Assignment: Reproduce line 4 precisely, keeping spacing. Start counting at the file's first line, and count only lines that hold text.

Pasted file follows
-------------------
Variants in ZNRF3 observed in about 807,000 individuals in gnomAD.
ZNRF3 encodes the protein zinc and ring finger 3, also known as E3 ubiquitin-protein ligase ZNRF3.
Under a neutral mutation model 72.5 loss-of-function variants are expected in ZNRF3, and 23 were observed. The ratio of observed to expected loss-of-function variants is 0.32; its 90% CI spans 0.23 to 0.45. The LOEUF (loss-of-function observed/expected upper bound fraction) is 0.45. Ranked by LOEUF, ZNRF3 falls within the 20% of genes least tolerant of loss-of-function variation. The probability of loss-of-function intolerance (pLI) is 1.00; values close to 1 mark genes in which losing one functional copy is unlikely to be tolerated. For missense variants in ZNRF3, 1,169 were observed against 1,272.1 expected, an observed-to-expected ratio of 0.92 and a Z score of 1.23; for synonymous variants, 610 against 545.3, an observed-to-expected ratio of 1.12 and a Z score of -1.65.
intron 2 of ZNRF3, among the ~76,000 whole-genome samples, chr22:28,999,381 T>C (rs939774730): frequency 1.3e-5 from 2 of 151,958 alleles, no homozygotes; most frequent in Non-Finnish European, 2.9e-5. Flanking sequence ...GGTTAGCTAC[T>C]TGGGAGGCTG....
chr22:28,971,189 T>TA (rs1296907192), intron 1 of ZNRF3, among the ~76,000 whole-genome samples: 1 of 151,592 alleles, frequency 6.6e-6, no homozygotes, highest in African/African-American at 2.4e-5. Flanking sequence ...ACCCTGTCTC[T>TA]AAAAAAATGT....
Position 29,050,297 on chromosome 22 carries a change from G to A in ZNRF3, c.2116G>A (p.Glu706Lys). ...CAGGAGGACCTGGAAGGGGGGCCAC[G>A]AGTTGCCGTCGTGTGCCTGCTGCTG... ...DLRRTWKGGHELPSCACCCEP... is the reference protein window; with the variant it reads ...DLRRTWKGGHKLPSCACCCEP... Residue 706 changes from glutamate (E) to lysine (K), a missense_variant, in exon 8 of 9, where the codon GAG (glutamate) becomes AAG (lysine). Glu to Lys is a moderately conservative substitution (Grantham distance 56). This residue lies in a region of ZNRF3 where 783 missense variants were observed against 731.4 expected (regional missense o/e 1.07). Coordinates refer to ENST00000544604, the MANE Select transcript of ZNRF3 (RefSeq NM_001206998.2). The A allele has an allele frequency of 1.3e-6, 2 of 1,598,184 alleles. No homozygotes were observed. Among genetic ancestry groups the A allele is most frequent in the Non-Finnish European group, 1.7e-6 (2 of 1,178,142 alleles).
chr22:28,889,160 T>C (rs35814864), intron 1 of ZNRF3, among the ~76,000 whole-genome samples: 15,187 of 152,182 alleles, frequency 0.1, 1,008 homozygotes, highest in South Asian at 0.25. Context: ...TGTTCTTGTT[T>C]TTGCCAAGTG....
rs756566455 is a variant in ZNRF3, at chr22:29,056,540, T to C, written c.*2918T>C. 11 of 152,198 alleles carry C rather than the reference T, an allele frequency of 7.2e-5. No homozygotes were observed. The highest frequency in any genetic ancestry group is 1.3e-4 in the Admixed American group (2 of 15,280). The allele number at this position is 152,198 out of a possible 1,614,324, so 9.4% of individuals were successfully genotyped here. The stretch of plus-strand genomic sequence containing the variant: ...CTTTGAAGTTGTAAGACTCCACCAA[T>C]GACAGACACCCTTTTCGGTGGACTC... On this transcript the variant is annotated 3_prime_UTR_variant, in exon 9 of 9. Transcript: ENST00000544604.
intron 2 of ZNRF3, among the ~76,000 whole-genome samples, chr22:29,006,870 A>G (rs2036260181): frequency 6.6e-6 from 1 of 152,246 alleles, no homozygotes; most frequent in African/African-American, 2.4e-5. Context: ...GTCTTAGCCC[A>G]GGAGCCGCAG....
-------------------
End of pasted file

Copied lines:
intron 2 of ZNRF3, among the ~76,000 whole-genome samples, chr22:28,999,381 T>C (rs939774730): frequency 1.3e-5 from 2 of 151,958 alleles, no homozygotes; most frequent in Non-Finnish European, 2.9e-5. Flanking sequence ...GGTTAGCTAC[T>C]TGGGAGGCTG....